Spring Clean Your Small Business Document Destruction Policy
Many small businesses are trusted with confidential information provided by customers. From credit card data to addresses, phone numbers and email contact information, customers provide a great deal of information that they expect will be kept secure. Unfortunately, even the biggest companies can have a data breach and confidential customer information can fall into the wrong hands. This is a PR and customer service nightmare for companies and can undermine public trust in your business.
There are a number of steps that your company should take to safeguard the confidential information that you are entrusted to keep. One of the simplest and most fundamental things that your company can do is ensure you have an effective document destruction policy in place. Too many companies forget this basic step and fail to have a process in place for paper shredding of documents containing sensitive information. In fact, “small businesses are 10 times less likely to have an information security system set up than large businesses”, according to a survey from data security experts. This oversight can have a significant cost and is one your business should avoid. As spring approaches, it is time for your business to take action and develop and implement an effective document destruction policy.
Developing an Effective Document Destruction Policy
A document destruction policy that protects the confidential information of your customer has several different facets. For example, your company should:
Establish a policy regarding the retention of documents. Review the information you collect and files you keep and determine exactly how long each set of documents should be kept for. Once the files have passed the designated retention period, the files and documents should be disposed of through paper shredding to ensure that the confidential information is not accessed by those with nefarious intent. While the documents are being kept, be sure to limit who can access them.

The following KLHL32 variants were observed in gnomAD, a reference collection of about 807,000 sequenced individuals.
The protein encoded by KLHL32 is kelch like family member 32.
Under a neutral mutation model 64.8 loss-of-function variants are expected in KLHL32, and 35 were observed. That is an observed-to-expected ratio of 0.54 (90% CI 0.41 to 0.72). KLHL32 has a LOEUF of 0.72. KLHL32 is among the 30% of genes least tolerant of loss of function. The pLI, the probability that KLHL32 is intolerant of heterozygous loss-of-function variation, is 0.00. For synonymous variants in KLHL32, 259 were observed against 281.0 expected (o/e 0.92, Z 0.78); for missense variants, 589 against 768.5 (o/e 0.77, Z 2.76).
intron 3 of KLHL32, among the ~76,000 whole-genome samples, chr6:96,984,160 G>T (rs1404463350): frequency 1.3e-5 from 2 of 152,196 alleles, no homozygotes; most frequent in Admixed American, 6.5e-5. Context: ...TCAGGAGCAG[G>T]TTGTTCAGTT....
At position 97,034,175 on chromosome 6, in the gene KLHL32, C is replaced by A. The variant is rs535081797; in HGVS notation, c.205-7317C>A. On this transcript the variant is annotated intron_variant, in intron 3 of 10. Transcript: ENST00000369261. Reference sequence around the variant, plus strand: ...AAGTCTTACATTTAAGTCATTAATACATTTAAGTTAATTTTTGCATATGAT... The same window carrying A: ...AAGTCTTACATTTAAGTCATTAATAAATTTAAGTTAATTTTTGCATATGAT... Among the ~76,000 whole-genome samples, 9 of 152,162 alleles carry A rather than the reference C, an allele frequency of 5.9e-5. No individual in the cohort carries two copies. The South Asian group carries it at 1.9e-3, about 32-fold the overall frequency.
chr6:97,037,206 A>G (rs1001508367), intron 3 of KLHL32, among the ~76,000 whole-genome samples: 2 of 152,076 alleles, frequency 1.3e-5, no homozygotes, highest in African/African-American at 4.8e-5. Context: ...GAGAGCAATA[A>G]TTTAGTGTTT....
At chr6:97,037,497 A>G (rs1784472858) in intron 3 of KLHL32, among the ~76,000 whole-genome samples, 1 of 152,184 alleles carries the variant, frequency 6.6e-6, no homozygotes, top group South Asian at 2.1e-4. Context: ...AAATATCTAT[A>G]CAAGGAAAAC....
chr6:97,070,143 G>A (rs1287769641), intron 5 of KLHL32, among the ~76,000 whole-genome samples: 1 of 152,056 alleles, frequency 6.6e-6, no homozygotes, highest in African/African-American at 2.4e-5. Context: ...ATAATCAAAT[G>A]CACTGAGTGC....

Include a clearly marked destruction date on all documents and files. All files that are stored should have a visible list of their contents and should have a date of destruction clearly noted so that there is no delay in disposing of the confidential information.
Establish a “shred-all” policy for unneeded documents. Leaving papers unattended in a garbage can or a recycling bin creates a risk of a security breach since these cans and bins are frequently unattended. By instituting a policy to shred all unnecessary documents, you ensure that papers containing sensitive data are never accidentally disposed of in an unsecure fashion.
Consider working with a third-party vendor that specializes in document destruction. When the destruction date is reached, a company that has a focus on effective destruction of sensitive documents can ensure that all files and paperwork are disposed of properly to protect your customers.
Regularly implement the document destruction process. While spring cleaning is a good reminder of the importance of disposing of old documents, the fact is that this should be an ongoing process. Throughout the year, old and outdated files should be periodically destroyed so you have only the information essential to operating your business effectively.
When you have a document destruction policy in place, clients and customers will appreciate the fact that your company takes their security and safety seriously. You can also have the best chance of avoiding data breaches that could cost your company its hard-earned reputation. Do not hesitate to get started today on creating and implementing your document destruction plan.
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